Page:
We’ve put together an ebook of considerations when choosing a cloud DLP vendor to protect sensitive data in the various cloud services that your employees use. We’ll go over the second consideration in this blog post.
Sanctioned cloud services like Microsoft Office 365, G Suite, Box, and more are important to secure as organizations roll them out. Many CASBs include DLP policy enforcement for these sanctioned apps – but oftentimes sensitive data is shared in cloud services not sanctioned by IT (shadow IT). In fact, many ecosystem services connected to sanctioned services like Office 365 are used and have access to sensitive data, including apps like DocuSign, and should have DLP controls placed to prevent improper sharing of data.
Question 2: Will I be able to secure data in all cloud services, sanctioned and unsanctioned (shadow IT)?
Many CASBs only allow for DLP policy enforcement for sanctioned cloud services like Microsoft Office 365, Google G Suite, Salesforce, Box, and the like. For unsanctioned, shadow IT services, most CASB solutions either cover a limited amount of services (<20) or not at all.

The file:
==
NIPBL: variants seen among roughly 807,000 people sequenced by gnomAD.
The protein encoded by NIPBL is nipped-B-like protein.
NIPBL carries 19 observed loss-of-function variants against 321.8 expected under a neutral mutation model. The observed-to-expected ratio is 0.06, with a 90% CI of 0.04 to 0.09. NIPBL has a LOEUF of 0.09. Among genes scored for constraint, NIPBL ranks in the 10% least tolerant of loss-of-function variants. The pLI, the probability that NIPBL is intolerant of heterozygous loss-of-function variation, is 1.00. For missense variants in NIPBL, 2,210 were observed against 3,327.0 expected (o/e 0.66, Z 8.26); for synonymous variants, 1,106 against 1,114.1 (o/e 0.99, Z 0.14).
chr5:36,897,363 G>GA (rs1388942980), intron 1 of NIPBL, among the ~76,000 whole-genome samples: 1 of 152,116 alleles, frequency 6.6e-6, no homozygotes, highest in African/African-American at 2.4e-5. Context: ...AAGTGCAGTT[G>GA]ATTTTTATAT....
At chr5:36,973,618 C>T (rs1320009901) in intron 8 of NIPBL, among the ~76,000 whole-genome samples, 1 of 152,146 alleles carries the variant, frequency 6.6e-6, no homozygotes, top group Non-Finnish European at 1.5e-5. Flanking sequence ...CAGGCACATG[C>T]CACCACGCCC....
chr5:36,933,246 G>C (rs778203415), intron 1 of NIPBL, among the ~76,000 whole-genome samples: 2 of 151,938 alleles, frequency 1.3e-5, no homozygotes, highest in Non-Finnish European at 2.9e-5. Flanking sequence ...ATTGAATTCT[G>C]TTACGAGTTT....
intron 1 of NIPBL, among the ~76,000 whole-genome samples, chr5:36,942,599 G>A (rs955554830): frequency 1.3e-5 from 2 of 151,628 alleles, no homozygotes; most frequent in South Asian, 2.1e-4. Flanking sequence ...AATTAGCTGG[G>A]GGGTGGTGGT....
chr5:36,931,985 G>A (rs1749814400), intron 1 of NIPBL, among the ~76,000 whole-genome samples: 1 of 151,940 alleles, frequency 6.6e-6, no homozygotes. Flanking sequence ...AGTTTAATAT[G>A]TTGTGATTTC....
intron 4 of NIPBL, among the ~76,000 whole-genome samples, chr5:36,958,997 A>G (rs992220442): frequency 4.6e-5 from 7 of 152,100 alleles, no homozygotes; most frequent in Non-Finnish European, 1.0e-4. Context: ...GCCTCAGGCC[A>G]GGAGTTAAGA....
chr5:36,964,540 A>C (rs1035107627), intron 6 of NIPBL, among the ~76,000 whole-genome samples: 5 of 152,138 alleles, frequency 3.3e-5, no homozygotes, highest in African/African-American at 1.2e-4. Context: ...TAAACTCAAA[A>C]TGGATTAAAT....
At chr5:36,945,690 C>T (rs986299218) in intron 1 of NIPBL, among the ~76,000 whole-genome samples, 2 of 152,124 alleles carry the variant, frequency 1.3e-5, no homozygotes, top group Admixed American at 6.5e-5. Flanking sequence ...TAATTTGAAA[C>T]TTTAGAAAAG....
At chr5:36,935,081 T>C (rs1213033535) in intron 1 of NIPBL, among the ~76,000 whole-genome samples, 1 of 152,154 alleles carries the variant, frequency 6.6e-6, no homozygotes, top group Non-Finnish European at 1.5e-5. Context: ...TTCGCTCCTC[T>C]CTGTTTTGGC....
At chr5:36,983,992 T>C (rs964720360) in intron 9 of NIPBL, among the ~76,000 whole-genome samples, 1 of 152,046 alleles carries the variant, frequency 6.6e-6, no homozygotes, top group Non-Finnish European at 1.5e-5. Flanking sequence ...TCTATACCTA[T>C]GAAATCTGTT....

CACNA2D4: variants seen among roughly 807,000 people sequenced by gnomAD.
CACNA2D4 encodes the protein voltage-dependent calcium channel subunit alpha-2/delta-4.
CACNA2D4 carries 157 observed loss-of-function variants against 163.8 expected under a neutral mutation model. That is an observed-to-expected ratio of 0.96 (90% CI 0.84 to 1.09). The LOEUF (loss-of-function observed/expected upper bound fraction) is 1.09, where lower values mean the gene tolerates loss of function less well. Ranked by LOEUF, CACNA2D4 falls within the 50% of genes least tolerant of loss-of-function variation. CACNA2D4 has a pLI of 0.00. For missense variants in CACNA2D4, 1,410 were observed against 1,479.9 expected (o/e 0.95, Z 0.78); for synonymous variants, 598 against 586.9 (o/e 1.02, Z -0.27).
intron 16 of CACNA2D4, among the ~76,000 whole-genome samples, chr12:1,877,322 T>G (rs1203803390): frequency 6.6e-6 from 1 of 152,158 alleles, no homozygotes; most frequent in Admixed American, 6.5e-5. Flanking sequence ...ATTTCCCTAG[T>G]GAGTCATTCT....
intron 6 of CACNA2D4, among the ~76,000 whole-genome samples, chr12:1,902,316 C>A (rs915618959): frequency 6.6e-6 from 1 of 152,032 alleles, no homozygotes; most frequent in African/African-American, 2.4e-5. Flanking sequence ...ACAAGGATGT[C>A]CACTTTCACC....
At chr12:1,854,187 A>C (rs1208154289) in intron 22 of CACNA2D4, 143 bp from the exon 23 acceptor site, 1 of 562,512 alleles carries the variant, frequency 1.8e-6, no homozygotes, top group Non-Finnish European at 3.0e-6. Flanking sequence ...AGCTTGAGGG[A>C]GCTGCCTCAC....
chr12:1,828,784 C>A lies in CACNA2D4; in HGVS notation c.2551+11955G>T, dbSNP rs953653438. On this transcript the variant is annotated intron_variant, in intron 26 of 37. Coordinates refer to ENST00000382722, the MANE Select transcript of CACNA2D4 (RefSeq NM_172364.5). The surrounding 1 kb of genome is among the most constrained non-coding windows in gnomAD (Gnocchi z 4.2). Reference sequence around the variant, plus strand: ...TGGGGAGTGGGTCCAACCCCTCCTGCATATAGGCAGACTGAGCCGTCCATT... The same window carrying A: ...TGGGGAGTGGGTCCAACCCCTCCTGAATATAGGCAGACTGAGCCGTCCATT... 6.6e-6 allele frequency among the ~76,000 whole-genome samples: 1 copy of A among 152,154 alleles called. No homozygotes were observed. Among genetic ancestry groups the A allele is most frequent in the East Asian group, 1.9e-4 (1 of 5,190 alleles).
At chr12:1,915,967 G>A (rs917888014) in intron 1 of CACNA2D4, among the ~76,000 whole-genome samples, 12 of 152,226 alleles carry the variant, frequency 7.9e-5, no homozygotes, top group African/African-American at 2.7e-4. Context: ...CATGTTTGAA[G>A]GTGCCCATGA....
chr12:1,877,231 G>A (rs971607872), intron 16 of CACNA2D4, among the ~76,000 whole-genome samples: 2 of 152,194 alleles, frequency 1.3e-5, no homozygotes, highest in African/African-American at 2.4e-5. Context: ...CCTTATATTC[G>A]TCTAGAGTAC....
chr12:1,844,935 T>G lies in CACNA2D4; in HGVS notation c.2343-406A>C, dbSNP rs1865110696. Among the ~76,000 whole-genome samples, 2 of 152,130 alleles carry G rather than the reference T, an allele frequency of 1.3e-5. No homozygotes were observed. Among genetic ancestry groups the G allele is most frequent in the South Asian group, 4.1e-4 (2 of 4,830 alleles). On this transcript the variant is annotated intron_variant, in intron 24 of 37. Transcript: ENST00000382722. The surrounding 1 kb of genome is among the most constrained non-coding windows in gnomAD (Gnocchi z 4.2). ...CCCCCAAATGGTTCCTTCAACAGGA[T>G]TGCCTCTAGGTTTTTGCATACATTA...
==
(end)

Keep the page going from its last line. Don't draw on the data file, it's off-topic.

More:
What to look for: Look for CASBs that can cover all sanctioned cloud services as well as thousands of unsanctioned ones. With sanctioned services like Microsoft Office 365, make sure the solution allows for DLP policies to be set across the entire suite, not just SharePoint, OneDrive, and Outlook, but also services like Dynamics, Power BI, and more. For shadow IT, require solutions with comprehensive deployment options and a granular policy engine to thousands of unsanctioned cloud services as opposed to a handful.
Test for it: Test for it by setting a granular DLP policy like restricting upload of PII to top shadow IT cloud services used in your organization, especially from off-premises employees.
For the full ebook, go here.